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6. Anderson Cooper, Tulane University, 2010: Cooper hilariously reflected on his own lack of memory of his commencement address and poked fun at liberal arts majors: “I, too, was a liberal arts major, so like you, I have no actual skill.” But Cooper also told the seniors how much he admired them for taking the chance on coming back to school in New Orleans a year after Katrina. “Your choice helped this city rebuild.. re-new…re-start,” he said.
7. Will Ferrell, Harvard University, 2003: True to form, during his speech, Ferrell impersonated George W. Bush and read a “message” from the president. “Bush” hilariously thinks he’s speaking to the Class of 2002 and butters them up by saying, “Make no mistake, Harvard University is one of the finest in the land. And its graduates are that fine as well. You’re young men and women whose exuberance exude a confident confidence of a bygone era.”
8. Ursula K. Le Guin, Bryn Mawr College, 1986: Le Guin encouraged students to keep their connection to the language of what’s right instead of the male-dominated language of success taught in society:
Our schools and colleges, institutions of the patriarchy, generally teach us to listen to people in power, men or women speaking the father tongue; and so they teach us not to listen to the mother tongue, to what the powerless say, poor men, women, children: not to hear that as valid discourse.
I am trying to unlearn these lessons, along with other lessons I was taught by my society, particularly lessons concerning the minds, work, works, and being of women.
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9. Jon Stewart, College of William and Mary, 2004: Stewart headed back to his alma mater and delivered a classically funny, self-deprecating speech with lines like “In 1981 I lost my virginity, only to gain it back again on appeal in 1983” and “You could say that my one saving grace was academics where I excelled, but I did not.”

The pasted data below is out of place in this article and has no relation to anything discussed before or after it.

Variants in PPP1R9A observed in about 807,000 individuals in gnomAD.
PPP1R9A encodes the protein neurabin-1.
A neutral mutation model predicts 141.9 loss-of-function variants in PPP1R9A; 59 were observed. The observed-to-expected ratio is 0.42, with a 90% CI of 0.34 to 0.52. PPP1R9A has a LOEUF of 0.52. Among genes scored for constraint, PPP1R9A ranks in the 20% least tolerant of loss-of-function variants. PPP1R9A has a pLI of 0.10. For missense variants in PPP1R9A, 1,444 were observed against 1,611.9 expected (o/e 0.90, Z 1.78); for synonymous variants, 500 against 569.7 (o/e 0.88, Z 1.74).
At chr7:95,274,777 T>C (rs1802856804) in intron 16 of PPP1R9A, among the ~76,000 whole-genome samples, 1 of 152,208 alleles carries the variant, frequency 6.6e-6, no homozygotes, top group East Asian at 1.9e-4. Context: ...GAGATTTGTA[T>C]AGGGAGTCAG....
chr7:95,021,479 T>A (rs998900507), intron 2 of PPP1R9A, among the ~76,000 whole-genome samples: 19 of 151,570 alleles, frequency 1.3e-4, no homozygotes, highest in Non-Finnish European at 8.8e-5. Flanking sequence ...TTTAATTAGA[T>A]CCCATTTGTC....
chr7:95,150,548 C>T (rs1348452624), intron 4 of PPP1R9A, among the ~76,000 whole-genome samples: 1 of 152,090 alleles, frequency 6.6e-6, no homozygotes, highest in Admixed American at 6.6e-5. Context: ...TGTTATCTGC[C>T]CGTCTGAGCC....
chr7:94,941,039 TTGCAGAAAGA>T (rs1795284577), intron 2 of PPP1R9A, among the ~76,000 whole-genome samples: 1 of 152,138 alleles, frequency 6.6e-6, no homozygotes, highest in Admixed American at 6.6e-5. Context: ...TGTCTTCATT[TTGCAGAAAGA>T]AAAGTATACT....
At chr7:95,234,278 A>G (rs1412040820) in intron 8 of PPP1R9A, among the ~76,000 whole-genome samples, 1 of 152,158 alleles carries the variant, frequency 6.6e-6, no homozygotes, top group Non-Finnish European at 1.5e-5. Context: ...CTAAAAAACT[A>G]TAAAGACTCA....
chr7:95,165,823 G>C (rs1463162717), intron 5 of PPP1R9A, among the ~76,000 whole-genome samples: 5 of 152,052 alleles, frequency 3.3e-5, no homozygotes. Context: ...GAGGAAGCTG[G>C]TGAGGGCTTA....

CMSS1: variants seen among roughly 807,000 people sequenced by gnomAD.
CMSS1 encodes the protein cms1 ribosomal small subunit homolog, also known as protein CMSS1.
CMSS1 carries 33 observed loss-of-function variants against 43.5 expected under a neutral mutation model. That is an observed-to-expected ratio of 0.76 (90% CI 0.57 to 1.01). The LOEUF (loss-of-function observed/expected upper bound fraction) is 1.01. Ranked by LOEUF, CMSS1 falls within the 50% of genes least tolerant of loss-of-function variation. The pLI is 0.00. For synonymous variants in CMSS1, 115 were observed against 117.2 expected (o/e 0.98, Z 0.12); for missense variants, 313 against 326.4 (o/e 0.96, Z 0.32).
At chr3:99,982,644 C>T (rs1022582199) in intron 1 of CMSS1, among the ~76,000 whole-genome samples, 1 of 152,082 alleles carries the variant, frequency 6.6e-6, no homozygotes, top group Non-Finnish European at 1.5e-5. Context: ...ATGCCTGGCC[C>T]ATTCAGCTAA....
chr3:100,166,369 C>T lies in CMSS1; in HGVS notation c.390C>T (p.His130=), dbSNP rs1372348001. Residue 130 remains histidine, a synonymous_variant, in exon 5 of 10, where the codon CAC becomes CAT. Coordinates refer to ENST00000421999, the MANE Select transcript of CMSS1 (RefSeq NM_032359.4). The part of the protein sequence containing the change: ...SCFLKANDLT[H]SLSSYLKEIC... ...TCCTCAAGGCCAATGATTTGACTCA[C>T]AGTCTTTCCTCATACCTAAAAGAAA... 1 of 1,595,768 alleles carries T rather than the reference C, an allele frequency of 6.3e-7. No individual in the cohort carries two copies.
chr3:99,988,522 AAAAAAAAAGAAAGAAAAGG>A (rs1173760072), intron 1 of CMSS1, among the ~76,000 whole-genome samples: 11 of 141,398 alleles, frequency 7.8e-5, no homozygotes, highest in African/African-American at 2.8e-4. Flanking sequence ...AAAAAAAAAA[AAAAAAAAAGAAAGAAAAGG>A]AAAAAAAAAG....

Stewart then went on to declare his faith in this generation, and shared how after 9/11 he was depressed and had lost hope, until “one day I was coming out of my building, and on my stoop, was a man who was crouched over, and he appeared to be in deep thought. And as I got closer to him I realized, he was playing with himself. And that’s when I thought, ‘You know what, we’re gonna be OK.’”
10. David Foster Wallace, Kenyon College, 2005: Wallace gave one of the most beloved commencement speeches a mere three years before his tragic suicide. The speech refreshingly leaves the commencement address script and addresses the reality of life and our inner motivations:
And the so-called real world will not discourage you from operating on your default settings, because the so-called real world of men and money and power hums merrily along in a pool of fear and anger and frustration and craving and worship of self. Our own present culture has harnessed these forces in ways that have yielded extraordinary wealth and comfort and personal freedom. The freedom all to be lords of our tiny skull-sized kingdoms, alone at the centre of all creation. This kind of freedom has much to recommend it. But of course there are all different kinds of freedom, and the kind that is most precious you will not hear much talk about much in the great outside world of wanting and achieving…. The really important kind of freedom involves attention and awareness and discipline, and being able truly to care about other people and to sacrifice for them over and over in myriad petty, unsexy ways every day.
Liz is GOOD’s education editor. She taught in Guangzhou, China and Compton, California, and worked for Teach For America. She’s written for Good Housekeeping, Parenting and numerous online publications.